Building a community one device at a time
| Mar 17, 2015
The key attribute consistent across quantified self technology is not wearability but connectivity, specifically the ability to have vital biometric and activity data automatically transmitted from these devices to the Internet, where the it is stored in the cloud for easy access by the individual with the option of sharing data with family members, select groups of friends, doctors and healthcare provider organizations. We have already seen this in the general health and wellness space with Nike, Fitbit and MyFitnessPal providing community extensions for their devices and mobile apps. But the chronic disease space is where the biggest impact will be realized.
For example, a father with a teenage daughter with diabetes can monitor her blood glucose levels from the office or while travelling for business. A working mom with elderly parents who have various health conditions can monitor their vitals throughout the day. An MS patient’s physician network can monitor how a new treatment is affecting mobility and other metrics without the necessity of multiple office visits. A chronic obesity patient’s close circle of friends or fellow patients can hold him or her accountable for BMI and required fitness activity in an encouraging, nurturing manner. With just a web connection and permissions for data access, they can pull the data from the cloud onto their smartphones or PCs, giving all stakeholders peace of mind and an early warning system for any potential medical mishaps.
By leveraging this connectivity, it is likely the future of this space lies in the layering in of a community aspect. Online patient communities will evolve beyond traditional discussion boards to encompass subcommunities of specific connected device users suffering from specific diseases, where biometric and other self-tracking data is shared with fellow patients. So in addition to basic discussions around disease-related issues, these “device community” members will serve as active supporters and cheerleaders for each other, supporting and competing with each other around the metrics specific to each patient community.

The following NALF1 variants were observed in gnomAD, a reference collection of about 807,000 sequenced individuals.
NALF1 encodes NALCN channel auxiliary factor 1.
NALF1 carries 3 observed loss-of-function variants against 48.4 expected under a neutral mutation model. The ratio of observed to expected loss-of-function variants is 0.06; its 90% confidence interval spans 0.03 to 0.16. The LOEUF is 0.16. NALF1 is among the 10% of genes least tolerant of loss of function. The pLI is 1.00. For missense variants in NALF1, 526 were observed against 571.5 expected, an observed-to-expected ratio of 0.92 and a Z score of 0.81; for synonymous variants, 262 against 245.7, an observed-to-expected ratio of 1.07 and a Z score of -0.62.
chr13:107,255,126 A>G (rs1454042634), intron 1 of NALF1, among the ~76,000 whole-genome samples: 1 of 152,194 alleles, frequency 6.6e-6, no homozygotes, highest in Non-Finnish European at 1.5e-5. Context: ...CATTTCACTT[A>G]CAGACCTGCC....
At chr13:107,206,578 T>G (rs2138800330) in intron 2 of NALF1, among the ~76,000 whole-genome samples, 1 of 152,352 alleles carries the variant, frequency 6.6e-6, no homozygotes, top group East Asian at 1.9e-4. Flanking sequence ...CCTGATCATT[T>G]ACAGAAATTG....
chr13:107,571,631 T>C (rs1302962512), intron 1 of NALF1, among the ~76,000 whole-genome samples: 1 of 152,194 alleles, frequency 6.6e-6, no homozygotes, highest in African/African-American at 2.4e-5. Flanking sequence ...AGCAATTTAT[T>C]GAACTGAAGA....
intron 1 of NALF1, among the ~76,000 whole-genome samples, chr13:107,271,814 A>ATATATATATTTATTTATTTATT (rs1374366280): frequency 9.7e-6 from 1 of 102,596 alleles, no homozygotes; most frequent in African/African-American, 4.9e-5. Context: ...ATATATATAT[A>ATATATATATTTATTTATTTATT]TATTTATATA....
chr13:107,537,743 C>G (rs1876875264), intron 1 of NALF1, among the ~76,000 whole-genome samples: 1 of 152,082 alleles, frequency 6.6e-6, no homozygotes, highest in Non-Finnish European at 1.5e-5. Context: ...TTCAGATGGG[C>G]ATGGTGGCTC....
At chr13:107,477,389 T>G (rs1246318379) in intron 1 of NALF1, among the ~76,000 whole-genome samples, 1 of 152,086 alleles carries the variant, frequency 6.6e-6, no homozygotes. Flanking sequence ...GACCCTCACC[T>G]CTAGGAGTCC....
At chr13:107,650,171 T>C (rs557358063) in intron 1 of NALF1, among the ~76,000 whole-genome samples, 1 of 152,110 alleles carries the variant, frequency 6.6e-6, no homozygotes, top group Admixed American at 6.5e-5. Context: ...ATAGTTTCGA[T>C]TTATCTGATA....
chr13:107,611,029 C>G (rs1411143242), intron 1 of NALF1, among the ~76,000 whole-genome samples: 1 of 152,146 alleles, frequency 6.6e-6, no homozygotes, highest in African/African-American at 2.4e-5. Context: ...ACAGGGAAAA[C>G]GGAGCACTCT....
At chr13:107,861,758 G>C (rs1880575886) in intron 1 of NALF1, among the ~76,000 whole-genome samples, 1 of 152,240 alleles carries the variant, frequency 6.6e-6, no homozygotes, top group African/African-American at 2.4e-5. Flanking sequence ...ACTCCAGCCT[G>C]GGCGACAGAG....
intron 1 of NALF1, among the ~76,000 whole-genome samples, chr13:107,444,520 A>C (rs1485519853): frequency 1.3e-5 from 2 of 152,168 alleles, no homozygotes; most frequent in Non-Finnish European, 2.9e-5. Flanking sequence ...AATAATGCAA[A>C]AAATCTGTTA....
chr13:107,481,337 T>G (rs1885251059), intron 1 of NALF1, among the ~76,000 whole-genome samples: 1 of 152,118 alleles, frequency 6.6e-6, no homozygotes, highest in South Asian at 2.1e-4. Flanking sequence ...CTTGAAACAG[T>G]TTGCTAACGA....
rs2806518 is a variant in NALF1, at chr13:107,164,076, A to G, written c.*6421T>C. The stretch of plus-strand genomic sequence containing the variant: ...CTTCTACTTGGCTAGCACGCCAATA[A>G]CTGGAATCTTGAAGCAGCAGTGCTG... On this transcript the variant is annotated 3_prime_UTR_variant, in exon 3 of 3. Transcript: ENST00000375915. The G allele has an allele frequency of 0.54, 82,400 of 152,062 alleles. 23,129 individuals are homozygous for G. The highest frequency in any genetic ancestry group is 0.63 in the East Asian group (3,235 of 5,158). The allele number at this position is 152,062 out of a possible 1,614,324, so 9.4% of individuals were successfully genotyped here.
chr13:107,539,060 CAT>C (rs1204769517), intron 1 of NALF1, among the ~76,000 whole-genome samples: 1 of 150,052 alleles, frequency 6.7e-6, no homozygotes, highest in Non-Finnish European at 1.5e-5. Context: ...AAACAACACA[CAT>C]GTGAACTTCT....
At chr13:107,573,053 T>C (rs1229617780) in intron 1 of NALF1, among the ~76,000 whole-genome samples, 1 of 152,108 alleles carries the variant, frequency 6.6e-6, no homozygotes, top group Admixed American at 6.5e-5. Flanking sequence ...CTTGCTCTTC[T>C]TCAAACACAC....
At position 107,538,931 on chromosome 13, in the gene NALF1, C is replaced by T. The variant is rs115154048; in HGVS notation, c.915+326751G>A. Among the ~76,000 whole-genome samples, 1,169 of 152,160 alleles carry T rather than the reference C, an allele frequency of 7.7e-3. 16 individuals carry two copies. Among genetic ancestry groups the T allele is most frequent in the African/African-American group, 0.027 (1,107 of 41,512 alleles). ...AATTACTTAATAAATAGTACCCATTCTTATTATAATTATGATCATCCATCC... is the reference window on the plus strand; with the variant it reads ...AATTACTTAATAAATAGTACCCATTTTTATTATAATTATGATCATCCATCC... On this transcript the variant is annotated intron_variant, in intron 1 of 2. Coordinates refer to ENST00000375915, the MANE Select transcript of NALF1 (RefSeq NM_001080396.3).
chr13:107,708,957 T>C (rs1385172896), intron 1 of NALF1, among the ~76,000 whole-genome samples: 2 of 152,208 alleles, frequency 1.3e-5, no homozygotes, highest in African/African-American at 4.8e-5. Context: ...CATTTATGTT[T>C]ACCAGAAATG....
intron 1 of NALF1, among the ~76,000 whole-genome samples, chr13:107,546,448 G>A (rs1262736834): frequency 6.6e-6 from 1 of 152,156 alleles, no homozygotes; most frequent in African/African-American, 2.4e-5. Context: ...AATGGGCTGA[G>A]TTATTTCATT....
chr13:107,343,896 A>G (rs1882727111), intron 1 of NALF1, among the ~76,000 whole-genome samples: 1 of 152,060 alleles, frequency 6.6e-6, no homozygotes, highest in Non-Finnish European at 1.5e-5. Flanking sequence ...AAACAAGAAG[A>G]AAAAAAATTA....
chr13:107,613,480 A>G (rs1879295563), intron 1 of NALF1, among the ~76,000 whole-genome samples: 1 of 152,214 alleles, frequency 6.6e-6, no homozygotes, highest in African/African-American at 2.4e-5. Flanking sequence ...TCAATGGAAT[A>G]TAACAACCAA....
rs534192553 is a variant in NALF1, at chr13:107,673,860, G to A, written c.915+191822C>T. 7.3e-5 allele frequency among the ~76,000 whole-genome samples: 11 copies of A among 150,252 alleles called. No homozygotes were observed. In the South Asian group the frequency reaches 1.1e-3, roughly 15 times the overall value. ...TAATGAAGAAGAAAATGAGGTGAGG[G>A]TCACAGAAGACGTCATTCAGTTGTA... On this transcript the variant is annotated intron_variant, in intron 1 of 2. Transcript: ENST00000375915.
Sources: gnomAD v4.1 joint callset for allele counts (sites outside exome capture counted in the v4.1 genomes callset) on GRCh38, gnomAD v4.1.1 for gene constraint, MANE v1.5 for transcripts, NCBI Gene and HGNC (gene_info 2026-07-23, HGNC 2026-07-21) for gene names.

However, an online community of fellow patients using connected devices is just one type of community. The concept can also apply to a family unit, where parents, siblings, sons, daughters and grandchildren monitor and support a sick loved one for everything from proper exercise to medication adherence. It can also apply to a patient’s network of healthcare professionals if a patient is lucky enough to have a physician network open to this idea.
In an online community of diabetics who are using FDA-approved web-connected glucose monitors, such as those offered by iHealth, each member will willingly share not only their patient profile, opinions and experiences around their condition but also daily/weekly metrics such as blood glucose levels, dietary behavior, fitness activity and medication adherence. Members can support and encourage those who are actively managing their condition and push those who are not. A leaderboard can display those who are excelling around the key metrics, creating a competitive atmosphere that also serves as encouragement. Leaders would be encouraged to continue their regimens to maintain their positions. Stragglers would be encouraged to climb further up the leaderboard.
Similar scenarios can play out in heart disease, obesity and asthma communities with different web-connected devices and metrics. The online community becomes a direct extension of the device. Both are inextricably linked, with the device stimulating community activity, the community stimulating device usage, and both working in conjunction to improve health and save lives.
The device and app alone can work quite well, but there is an historical precedent of people, even those with chronic conditions, not being interested in actively managing their own health. Let’s not forget that older technical initiatives such as educational CD-ROMs and nurse-on-call programs didn’t get much traction when they were introduced years ago. Technology may advance and change, but the same can’t be said for human nature. However, adding communities of actual people to the mix – people who share the same condition, close friends and family members who have a loving stake in a person’s health and well-being – and we will see a transformation in empowered patient disease management.